Downing Street denies Boris Johnson is on holiday
Downing Street has denied Boris Johnson is on holiday as the aftermath of the chaotic Afghanistan evacuation unfolds, but have confirmed he is currently away from No.10 for five days.
The Prime Minister’s official spokesman said Johnson left Downing Street on Sunday with his family and will return on Thursday, but that it is not a vacation and he "is continuing to work".
Final British flights left Kabul on Saturday night, and US troops left on Sunday night, ahead of the 31 August deadline amid security concerns.
Hundreds of UK citizens remain in Afghanistan. The UK ambassador to Afghanistan, Sir Laurie Bristow, insisted efforts would contine to evacuate those left as he returned to England on Sunday.
"The Prime Minister is away for the next two days in the West of England but he is continuing to work, and will be back in the office in Downing Street on Thursday,” Johnson's official spokesperson said on Tuesday.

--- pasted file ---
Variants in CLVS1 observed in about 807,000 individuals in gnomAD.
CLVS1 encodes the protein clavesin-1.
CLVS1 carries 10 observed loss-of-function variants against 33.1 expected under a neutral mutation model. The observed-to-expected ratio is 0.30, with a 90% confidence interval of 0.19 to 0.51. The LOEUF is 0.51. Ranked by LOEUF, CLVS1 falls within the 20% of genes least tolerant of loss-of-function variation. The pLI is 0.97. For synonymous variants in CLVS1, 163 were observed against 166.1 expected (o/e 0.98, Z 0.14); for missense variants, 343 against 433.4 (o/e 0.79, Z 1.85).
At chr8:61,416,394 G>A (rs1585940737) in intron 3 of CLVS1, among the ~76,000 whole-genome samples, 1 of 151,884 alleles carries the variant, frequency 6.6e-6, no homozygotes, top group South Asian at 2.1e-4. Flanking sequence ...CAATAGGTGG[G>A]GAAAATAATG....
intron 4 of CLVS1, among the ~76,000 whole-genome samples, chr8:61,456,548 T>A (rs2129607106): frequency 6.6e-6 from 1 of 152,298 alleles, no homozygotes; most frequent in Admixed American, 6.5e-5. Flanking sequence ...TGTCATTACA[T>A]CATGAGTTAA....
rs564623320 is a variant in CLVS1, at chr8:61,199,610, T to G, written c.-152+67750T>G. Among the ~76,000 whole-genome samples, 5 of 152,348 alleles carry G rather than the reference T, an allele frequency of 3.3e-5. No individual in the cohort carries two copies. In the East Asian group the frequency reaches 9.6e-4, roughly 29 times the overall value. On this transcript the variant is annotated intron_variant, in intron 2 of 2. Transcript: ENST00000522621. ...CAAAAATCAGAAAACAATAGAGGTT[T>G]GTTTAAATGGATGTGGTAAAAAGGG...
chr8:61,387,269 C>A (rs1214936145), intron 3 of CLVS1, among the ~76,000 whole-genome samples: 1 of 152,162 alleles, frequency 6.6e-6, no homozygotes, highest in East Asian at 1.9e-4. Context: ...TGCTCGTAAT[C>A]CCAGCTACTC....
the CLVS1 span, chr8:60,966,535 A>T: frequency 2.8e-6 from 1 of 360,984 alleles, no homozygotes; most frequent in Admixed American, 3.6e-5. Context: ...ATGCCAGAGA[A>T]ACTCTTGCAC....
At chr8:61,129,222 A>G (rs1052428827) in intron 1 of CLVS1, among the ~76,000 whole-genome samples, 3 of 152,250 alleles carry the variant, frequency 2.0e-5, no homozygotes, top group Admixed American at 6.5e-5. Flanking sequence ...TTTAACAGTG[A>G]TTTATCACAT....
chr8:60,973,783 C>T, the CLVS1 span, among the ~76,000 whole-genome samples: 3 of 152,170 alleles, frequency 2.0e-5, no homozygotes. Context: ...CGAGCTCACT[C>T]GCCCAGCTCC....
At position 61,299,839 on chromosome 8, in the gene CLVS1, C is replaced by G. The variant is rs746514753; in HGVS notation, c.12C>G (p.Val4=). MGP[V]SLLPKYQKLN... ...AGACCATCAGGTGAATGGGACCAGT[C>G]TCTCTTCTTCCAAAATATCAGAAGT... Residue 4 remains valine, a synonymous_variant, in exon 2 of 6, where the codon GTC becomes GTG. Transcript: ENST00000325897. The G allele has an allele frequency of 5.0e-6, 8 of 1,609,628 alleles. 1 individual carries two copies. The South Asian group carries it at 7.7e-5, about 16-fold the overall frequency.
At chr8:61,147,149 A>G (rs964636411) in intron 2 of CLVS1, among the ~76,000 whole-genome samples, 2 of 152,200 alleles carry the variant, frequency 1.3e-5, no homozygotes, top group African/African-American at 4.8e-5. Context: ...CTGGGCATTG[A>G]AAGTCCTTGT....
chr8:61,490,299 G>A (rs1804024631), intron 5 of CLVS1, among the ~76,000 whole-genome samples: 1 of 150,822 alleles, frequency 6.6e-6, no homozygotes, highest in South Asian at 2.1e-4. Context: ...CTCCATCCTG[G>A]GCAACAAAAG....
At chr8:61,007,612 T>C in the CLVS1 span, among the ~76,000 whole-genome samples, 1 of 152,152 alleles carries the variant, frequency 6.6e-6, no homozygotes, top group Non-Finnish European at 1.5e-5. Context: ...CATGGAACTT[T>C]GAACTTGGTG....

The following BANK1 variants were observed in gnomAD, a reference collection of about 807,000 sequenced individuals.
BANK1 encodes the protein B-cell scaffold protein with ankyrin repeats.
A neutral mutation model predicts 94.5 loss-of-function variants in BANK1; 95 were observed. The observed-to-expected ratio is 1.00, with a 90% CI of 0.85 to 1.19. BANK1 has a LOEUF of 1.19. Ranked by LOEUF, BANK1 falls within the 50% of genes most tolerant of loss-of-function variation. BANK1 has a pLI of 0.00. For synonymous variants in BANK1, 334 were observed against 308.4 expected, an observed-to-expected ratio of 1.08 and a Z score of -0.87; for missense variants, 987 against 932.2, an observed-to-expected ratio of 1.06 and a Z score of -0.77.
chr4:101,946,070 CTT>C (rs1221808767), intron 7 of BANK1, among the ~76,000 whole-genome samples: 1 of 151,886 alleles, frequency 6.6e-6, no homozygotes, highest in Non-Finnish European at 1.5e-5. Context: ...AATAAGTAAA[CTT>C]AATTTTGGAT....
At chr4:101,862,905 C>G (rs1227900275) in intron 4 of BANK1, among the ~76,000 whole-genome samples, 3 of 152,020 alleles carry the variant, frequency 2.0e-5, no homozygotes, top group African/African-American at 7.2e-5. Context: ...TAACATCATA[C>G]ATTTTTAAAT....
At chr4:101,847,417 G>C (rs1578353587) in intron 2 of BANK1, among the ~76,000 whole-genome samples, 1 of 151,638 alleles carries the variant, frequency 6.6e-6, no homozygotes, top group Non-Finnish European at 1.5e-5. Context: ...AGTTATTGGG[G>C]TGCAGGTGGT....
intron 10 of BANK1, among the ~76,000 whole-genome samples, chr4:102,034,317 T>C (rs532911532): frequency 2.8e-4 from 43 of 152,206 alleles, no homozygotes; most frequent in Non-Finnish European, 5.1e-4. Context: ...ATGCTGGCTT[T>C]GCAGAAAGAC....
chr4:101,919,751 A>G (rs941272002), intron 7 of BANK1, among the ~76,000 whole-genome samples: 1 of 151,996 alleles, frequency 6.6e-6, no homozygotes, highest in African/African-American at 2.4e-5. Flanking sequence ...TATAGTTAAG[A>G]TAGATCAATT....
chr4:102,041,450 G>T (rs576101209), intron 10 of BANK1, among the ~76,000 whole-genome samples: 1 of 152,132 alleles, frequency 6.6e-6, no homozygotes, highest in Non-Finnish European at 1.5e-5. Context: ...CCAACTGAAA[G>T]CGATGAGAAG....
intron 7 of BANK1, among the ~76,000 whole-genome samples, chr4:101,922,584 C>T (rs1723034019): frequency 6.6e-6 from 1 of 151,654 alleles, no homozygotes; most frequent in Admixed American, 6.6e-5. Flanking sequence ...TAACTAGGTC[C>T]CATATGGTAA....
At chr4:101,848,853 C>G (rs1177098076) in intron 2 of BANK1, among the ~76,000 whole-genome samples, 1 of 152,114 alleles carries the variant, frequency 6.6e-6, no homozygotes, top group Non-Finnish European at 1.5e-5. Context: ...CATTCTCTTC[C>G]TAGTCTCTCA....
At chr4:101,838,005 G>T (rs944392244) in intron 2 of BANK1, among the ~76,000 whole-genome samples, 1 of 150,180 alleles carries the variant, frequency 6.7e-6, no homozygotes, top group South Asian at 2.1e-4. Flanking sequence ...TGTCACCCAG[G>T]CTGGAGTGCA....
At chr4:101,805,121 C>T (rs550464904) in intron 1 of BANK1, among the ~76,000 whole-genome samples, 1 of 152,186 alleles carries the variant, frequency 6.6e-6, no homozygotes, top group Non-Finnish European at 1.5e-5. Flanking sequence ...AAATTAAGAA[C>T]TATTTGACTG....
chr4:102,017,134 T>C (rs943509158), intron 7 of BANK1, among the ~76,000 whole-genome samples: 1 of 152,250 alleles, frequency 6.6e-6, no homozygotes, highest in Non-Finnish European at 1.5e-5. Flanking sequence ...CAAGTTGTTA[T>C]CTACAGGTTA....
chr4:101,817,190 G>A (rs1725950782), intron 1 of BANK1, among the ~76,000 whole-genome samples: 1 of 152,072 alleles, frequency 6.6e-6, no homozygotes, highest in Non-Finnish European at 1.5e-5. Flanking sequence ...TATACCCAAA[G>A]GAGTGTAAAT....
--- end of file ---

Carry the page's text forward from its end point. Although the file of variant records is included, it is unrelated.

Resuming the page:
But they dismissed suggestion the Prime Minister was on holiday.
"He is away, out of the office for a couple of days, but he is working," they added.
Both Johnson and foreign secretary Dominic Raab have already faced criticism for not immediately returning to Whitehall as the Taliban made lightning progress in taking the Afghan capital Kabul earlier this month.
The PM returned from a trip to Somerset after one day, while Raab came back from a resort in Crete late on Sunday, 15 August amid claims he was asked to return two days earlier.
The spokesperson evaded questions over whether it was appropriate for the Johnson to be away from No.10 as the government continues work to evacuate those remaining UK nationals left in Afghanistan after the final Western troops have left.
"He continues to lead the overall Government response to the situation in Afghanistan,” the spokesperson said, adding that Johnson had spoken to German Chancellor Angela Merkel "at the weekend".
"He has been leading the work on the efforts with European partners and other countries to put pressure on the Taliban and any emerging Afghanistan Government to stick to the promises that they have made," they continued.
"We have evacuated more than 15,000 people over a two week period, and continue to set out a generous resettlement scheme for those Afghans to whom we owe a debt."
The spokesperson would not comment on why Johnson had chosen to work away from the main hub of government during a time of crisis.
"People are able to work outside of London," they added.
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